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November 2020

We at The Landmark Project are excited to premiere Landmark Presents, a program designed to amplify artists whose work encourages inclusivity and stewardship of our public lands. For our inaugural issue, we've rounded up a few talented artists who fit that bill.

Mike McCain is originally from Washington state though he now lives in LA.

Danika Ostrowski is from Houston but has made Austin her home. 

Paula Champagne hails from Naperville, IL, and now lives in Somerville, MA.

Mike McCain

How did you get started creating nature-inspired works?

I started plein air painting a few years ago when I was taking a break from work for a few months - and soon became hooked. I think the more I travel and paint nature, the more I'm able to appreciate the beauty of the world around us. Through studying and interpreting the shapes and colors of an area and learning more about its geology, plants, and climate, I feel like I can then start to see and be fascinated by things I wouldn't have even noticed before.

If you weren’t an artist, what would you be doing?

Probably photography or cinematography - I've always got my camera with me on hikes and trips. Over the years, I've found that learning more about photography has also made me a better painter. I think it really helps train your eye and develop your understanding of light and composition in nature.

What’s your all time favorite outdoor space?

So many to choose from! My favorite place to visit is probably the red rock desert around Moab. It's such a fun area and the views are really unique and inspiring. I've gone there a couple times now to escape and recharge, and it never disappoints.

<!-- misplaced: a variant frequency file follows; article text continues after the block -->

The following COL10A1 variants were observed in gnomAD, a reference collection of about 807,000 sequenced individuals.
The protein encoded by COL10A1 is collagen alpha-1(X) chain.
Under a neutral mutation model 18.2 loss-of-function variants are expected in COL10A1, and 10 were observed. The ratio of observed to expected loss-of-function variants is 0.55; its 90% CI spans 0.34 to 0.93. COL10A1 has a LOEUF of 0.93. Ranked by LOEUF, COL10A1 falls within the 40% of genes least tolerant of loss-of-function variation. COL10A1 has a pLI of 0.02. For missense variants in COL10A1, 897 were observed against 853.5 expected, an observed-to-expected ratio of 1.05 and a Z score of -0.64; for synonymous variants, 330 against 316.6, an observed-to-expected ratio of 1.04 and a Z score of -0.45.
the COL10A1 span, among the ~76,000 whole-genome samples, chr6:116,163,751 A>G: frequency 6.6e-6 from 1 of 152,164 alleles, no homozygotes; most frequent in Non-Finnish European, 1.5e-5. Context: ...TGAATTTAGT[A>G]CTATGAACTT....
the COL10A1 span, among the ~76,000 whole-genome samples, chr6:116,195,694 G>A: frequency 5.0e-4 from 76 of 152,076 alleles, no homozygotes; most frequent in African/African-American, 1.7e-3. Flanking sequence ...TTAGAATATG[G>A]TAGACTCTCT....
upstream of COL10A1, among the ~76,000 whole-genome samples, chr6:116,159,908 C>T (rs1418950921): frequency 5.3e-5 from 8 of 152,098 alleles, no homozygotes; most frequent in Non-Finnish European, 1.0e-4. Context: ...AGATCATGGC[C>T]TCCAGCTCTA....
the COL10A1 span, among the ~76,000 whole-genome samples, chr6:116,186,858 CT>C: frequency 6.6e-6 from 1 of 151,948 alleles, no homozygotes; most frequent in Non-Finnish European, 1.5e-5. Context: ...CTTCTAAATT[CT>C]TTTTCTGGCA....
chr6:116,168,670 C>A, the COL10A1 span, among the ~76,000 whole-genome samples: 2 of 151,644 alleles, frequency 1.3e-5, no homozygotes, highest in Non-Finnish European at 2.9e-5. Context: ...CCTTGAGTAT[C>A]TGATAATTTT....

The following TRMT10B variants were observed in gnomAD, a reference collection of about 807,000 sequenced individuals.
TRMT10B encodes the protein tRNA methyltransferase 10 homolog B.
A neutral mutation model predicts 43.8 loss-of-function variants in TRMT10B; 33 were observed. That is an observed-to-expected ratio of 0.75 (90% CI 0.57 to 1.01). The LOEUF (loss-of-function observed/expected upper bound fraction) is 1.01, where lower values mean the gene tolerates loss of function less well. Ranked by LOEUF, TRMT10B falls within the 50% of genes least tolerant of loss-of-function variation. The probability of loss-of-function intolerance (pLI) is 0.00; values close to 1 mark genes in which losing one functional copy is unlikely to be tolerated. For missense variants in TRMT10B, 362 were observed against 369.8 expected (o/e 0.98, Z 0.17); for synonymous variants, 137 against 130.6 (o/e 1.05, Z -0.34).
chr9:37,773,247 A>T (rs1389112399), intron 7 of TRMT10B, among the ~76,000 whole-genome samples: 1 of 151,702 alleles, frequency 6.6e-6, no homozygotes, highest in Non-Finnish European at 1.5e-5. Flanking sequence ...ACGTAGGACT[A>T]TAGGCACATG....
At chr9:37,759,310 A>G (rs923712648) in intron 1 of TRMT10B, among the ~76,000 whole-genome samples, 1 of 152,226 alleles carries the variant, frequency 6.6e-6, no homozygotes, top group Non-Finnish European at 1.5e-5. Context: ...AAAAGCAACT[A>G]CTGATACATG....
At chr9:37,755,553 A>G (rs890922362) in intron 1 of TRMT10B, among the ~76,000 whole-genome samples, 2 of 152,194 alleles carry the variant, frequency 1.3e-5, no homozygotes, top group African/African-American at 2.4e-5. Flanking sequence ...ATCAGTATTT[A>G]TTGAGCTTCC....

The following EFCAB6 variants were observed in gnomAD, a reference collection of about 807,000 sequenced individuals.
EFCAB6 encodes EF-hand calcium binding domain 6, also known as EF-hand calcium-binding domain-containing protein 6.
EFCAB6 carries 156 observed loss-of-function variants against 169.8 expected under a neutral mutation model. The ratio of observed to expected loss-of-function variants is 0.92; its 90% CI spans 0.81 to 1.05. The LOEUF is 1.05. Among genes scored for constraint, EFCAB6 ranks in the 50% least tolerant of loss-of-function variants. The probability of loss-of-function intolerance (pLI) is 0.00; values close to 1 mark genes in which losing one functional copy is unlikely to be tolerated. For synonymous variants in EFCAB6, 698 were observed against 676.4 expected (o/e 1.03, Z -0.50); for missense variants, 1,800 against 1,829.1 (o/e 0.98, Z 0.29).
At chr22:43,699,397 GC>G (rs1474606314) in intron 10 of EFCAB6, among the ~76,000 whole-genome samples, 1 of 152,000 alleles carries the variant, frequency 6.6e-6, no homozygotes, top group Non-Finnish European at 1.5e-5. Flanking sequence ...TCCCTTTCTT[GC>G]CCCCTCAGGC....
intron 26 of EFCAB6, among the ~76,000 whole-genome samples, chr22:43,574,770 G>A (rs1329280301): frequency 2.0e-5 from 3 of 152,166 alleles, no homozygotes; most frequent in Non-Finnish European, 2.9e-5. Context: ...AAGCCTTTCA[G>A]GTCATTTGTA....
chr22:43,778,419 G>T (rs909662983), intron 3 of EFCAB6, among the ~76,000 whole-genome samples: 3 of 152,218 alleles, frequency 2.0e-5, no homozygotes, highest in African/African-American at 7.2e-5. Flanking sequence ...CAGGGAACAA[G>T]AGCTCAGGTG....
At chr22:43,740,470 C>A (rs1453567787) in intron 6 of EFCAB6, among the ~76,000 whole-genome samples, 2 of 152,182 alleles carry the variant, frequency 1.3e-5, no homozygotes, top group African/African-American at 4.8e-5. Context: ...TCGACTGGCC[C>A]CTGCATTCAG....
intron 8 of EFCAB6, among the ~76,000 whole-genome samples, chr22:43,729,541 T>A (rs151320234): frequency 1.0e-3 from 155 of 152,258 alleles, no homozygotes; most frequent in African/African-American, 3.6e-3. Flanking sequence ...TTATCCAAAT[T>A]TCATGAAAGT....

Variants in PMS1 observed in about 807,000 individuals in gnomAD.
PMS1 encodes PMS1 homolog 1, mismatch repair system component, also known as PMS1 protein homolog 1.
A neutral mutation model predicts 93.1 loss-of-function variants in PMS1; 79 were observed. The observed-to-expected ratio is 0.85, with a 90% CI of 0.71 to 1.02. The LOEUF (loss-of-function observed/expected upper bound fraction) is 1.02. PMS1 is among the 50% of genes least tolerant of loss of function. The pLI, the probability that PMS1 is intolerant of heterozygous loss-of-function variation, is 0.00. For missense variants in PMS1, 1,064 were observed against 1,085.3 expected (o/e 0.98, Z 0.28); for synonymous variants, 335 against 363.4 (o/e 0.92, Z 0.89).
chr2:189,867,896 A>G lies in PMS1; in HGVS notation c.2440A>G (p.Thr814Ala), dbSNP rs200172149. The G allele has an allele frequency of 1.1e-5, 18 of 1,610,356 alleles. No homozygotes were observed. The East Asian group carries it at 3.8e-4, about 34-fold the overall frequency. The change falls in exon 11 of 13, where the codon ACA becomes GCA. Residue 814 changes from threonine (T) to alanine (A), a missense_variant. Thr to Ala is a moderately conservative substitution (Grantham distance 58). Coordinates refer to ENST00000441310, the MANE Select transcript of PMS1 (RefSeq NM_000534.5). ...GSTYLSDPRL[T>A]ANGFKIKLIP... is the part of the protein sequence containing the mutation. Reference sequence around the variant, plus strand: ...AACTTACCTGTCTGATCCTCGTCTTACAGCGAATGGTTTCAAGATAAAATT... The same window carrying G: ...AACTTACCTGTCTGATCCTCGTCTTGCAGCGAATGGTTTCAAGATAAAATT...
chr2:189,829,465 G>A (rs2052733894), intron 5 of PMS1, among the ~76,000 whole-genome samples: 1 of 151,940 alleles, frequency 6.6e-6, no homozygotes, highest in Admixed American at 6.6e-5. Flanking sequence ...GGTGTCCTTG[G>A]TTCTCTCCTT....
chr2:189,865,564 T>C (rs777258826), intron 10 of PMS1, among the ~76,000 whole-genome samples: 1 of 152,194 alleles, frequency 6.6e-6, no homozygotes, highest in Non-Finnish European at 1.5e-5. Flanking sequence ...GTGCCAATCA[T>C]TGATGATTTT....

Danika Ostrowski

How did you get started creating nature-inspired works?

I grew up visiting National Parks every summer. After I graduated college I was still trying to find my artistic voice. I took a trip out to Big Bend National Park and felt a wave of emotion roll over me. The nostalgia of family road trips hit me, and I fell in love with our National Parks all over again. I've been painting public lands ever since.

Are you currently working on any cool projects you'd like to share about?

I recently started making paint-by-numbers kits of iconic scenes in parks. The response I've gotten from my followers has been amazing. 2020 has been a tough year for everyone, and creating a product that gives people a release through art therapy has been really special.

Are you involved in any form of advocacy or giveback?

I have a specific collection of small paintings on paper that give back to the National Parks Foundation. A portion of all sales of these works is donated. I try to use social media as a platform to advocate for public lands and conservation efforts. One of my major goals next year is to make these ideas a stronger part of my brand and online presence.

Paula Champagne

How did you get started creating nature-inspired works? 

I noticed a lack of representation in nature-inspired artwork, so I started to do this work to honor and celebrate the connection between Blackness and nature. What continues to fuel my work is the restoration that nature offers for me and for my community.

What does the phrase “outdoors for all” mean to you?

This phrase is meant to dismantle the myth that being outdoorsy is reserved for white folks. The outdoors is meant for everyone with no exclusion.

What’s your all time favorite outdoor space? 

I don't like to play favorites, but I thoroughly enjoyed spending time in my backyard garden this year. I started it to honor my grandmother, a former gardener, who passed this year. The garden offered me so much healing and joy.


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